Compensating for dismal performance in the second quarter, the global luxury sector surpassed expectations in the third quarter with notable performances from LVMH and Hermes. As per Business of Fashion, the fashion luxury sector was abuzz with activities this month with Tiffany reviving deal with LVMH by reducing price by 2.6 per cent. The Ferragamo family also initiated a discussion to sell approximately 20 per cent in its holding vehicle. World’s second-most influential fashion blogger of 2020, Chiara Ferragni, announced plans to list her lifestyle brand while Haircare manufacturer Pool Service acquired Penzeri Diffusion, the owner of the Urban Tribe brand. Mandarin Capital also acquired a 74 per cent stake in Nuova Fapam.
Luxury embraces sustainability
Another change that occurred during this month was a shift towards sustainable luxury. Sephora launched a premium refillable lipstick called Valdé, and earmarked one percent of its revenues for social initiatives promoting equality. Similarly, Safilo announced its plans to produce sunglasses with recycled plastic from the Great Pacific Garbage Patch in collaboration with the Ocean Cleanup Project; Kering set up a temporary shop for used Gucci items in collaboration with The RealReal to Moncler reiterated its commitment to carbon-neutrality by 2021; Estée Lauder’s Origins brand collaborated with its packaging suppliers to launch an advanced recycling tube package in 2021 and Kering teamed up with Adidas, Lululemon and Stella McCartney to pledge using fungi-based leather in their manufacturing process from 2021 onwards.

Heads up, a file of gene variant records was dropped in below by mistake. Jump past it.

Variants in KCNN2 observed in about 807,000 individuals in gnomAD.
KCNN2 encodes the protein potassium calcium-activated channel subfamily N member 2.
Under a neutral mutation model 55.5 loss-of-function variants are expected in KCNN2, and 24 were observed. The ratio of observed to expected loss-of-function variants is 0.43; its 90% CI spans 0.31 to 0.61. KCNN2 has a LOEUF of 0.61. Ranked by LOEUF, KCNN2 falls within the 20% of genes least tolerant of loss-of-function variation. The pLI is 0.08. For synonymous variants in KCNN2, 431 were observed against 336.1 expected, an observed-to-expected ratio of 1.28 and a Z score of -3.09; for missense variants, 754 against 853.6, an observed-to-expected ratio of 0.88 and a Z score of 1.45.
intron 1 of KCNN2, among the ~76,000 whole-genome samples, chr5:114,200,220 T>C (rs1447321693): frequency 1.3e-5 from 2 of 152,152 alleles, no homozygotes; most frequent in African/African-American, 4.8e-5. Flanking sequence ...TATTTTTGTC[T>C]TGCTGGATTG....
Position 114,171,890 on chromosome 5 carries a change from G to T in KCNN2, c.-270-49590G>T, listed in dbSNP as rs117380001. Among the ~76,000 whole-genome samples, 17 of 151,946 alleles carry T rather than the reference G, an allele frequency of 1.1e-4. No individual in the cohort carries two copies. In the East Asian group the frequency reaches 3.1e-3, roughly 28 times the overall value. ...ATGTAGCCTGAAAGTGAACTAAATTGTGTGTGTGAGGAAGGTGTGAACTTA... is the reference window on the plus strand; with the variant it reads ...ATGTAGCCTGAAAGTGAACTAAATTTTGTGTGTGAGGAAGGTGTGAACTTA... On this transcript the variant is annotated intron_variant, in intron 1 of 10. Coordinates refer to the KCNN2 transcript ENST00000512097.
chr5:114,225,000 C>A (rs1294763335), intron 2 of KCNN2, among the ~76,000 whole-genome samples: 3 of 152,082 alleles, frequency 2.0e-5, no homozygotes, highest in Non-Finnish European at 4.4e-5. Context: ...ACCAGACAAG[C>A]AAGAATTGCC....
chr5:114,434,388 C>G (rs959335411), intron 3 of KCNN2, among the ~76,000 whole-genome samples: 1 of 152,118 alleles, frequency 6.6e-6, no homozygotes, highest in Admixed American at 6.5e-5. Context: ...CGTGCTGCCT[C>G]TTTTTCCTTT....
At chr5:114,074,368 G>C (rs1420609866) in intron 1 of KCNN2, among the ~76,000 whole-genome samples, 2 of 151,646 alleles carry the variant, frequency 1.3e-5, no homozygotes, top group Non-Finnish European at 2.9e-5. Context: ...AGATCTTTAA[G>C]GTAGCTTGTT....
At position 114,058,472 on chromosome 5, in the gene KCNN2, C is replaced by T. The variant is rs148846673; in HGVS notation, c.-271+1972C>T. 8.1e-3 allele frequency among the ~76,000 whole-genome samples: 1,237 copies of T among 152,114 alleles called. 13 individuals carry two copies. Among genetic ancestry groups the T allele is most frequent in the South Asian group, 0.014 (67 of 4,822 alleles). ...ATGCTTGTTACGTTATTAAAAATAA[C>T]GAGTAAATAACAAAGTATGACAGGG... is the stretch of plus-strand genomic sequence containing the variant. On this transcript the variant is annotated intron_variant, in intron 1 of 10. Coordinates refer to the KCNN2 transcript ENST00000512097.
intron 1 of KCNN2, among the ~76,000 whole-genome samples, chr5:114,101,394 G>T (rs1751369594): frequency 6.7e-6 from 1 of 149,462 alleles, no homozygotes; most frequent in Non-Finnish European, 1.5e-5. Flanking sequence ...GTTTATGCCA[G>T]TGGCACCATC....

Lockdown fears offset initial gains
As per the Savigny Luxury Index (“SLI”), growth in October remained flat with lockdown fears offsetting initial gains. Tapestry’s shares soared 42 per cent due to better-than-expected quarterly results, especially in mainland China. The company also appointed Joanne Crevoiserat as its CEO. Boosted by a series of broker upgrades, luxury firm, Capri Holdings maintained its growth momentum in October just like Tiffany which surged 13 per cent on account of its historical deal with LVMH.
Beleaguered shoe and leather brand Tod’s announced disappointing first-half results and lost 27 per cent share value. It also didn’t experience post-lockdown recovery comparable to other regions. Increased possibility of a no-deal Brexit caused Burberry’s share price to tumble by 13 per cent.
Keeping its fingers crossed, the luxury sector eagerly awaits the upcoming Christmas sector. With shops and businesses shutting down to control the second wave COVID-19, the sector relies on a quick recovery to cash in on the pre-Christmas rush.